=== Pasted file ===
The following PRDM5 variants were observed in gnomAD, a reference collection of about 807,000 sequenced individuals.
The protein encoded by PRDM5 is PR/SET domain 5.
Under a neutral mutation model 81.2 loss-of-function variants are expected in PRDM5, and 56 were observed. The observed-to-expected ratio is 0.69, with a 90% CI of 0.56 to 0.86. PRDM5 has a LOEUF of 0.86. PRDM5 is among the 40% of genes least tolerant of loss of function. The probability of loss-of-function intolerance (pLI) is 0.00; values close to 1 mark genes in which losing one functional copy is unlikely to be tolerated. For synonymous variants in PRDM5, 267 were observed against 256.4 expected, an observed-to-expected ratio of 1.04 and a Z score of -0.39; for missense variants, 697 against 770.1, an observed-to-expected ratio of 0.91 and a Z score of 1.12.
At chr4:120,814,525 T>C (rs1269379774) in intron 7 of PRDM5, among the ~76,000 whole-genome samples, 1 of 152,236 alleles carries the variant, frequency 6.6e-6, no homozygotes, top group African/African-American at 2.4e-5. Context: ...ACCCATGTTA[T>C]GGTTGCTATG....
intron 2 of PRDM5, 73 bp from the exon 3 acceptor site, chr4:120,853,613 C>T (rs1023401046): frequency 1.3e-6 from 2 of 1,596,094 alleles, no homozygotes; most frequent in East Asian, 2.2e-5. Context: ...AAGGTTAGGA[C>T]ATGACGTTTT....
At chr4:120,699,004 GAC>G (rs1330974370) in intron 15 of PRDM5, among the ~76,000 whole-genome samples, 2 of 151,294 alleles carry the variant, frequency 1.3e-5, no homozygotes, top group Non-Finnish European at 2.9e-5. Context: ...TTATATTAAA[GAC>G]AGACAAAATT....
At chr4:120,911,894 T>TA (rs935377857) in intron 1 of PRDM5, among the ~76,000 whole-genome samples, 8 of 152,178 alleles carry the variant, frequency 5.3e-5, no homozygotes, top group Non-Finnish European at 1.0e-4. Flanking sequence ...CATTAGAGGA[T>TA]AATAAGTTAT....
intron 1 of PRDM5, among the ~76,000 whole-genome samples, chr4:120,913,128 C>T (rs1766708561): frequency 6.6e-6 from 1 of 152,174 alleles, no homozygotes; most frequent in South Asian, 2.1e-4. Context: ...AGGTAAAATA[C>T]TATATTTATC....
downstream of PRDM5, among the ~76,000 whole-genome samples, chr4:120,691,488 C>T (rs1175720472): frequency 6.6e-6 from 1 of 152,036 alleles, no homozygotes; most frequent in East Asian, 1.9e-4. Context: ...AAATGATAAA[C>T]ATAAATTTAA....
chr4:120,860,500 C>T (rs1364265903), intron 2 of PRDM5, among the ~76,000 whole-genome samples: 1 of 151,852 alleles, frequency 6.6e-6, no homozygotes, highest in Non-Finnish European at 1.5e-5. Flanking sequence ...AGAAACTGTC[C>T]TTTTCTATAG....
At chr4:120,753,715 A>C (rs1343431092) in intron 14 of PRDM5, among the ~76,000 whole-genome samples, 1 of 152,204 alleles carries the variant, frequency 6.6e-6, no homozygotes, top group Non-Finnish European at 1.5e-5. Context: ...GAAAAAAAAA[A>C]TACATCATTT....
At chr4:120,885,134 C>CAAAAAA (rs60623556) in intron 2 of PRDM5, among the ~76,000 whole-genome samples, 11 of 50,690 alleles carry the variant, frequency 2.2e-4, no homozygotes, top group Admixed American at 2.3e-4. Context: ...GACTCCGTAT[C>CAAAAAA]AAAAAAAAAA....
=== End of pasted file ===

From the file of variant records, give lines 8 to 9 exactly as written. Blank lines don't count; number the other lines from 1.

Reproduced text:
intron 1 of PRDM5, among the ~76,000 whole-genome samples, chr4:120,913,128 C>T (rs1766708561): frequency 6.6e-6 from 1 of 152,174 alleles, no homozygotes; most frequent in South Asian, 2.1e-4. Context: ...AGGTAAAATA[C>T]TATATTTATC....
downstream of PRDM5, among the ~76,000 whole-genome samples, chr4:120,691,488 C>T (rs1175720472): frequency 6.6e-6 from 1 of 152,036 alleles, no homozygotes; most frequent in East Asian, 1.9e-4. Context: ...AAATGATAAA[C>T]ATAAATTTAA....